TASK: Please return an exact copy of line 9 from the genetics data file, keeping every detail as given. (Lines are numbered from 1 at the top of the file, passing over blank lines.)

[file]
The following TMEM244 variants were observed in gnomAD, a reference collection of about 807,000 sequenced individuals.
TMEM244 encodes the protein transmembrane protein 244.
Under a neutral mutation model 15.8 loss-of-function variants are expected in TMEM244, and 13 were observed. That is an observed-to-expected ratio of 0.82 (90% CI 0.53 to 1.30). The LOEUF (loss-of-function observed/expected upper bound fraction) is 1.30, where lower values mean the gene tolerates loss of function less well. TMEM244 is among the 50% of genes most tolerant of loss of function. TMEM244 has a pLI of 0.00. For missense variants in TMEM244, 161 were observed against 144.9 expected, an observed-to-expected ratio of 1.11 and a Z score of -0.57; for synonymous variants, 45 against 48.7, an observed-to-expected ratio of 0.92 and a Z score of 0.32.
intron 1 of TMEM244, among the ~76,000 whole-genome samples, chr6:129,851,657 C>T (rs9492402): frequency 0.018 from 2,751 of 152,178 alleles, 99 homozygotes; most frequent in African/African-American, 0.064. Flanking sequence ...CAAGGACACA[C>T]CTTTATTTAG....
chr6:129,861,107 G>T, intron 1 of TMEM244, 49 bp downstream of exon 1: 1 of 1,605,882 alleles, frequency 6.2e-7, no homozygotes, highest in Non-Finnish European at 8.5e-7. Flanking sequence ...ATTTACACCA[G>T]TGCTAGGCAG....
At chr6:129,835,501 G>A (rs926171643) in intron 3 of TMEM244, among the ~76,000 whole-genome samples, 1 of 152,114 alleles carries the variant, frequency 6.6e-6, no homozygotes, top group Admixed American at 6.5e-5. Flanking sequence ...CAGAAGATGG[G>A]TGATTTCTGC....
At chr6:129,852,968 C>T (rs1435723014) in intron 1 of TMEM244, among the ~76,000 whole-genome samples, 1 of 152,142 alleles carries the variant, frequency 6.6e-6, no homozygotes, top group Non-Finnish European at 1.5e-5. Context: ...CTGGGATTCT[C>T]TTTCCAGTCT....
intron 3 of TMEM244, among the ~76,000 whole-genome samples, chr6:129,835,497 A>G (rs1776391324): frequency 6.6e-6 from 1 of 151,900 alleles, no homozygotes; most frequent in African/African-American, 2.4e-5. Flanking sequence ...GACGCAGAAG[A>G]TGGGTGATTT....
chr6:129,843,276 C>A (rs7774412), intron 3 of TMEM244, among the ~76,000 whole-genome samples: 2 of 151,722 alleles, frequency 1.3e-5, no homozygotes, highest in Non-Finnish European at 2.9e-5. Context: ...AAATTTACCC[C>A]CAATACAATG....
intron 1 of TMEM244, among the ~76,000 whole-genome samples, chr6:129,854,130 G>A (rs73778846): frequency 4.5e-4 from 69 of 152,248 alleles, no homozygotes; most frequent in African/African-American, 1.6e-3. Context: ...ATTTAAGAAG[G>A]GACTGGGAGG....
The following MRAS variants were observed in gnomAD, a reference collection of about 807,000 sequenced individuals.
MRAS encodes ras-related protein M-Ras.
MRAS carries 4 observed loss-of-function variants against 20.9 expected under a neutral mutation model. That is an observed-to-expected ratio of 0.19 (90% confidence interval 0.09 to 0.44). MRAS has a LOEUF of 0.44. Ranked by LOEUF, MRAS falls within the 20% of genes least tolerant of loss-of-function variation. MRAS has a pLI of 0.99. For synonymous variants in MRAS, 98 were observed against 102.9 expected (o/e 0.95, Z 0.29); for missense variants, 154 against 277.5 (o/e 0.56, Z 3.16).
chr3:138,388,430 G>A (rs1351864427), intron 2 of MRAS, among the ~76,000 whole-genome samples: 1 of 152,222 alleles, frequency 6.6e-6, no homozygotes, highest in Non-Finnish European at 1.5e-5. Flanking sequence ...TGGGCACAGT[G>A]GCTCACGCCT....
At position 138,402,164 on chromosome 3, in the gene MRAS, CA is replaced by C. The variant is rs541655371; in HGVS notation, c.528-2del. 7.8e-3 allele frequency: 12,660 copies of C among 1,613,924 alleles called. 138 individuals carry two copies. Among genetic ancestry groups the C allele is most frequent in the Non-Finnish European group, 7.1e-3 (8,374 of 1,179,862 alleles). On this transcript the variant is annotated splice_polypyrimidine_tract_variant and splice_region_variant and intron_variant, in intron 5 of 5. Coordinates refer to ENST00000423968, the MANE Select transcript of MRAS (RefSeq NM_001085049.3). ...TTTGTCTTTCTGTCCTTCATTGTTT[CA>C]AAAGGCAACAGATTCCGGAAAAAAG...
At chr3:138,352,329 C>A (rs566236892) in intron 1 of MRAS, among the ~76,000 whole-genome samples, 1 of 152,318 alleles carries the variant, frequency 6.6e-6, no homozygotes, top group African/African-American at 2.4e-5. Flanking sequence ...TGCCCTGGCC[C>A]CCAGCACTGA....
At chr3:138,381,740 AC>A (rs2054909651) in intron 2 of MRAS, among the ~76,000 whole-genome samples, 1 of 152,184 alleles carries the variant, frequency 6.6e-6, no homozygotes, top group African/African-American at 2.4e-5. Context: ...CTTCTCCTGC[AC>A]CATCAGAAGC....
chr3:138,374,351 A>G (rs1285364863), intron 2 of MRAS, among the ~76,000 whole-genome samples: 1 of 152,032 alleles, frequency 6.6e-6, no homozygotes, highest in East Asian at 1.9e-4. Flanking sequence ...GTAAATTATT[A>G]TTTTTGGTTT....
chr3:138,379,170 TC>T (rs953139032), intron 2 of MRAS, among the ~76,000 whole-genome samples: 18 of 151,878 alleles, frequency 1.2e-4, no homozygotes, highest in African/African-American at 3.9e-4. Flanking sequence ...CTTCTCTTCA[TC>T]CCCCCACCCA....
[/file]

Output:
chr6:129,843,276 C>A (rs7774412), intron 3 of TMEM244, among the ~76,000 whole-genome samples: 2 of 151,722 alleles, frequency 1.3e-5, no homozygotes, highest in Non-Finnish European at 2.9e-5. Context: ...AAATTTACCC[C>A]CAATACAATG....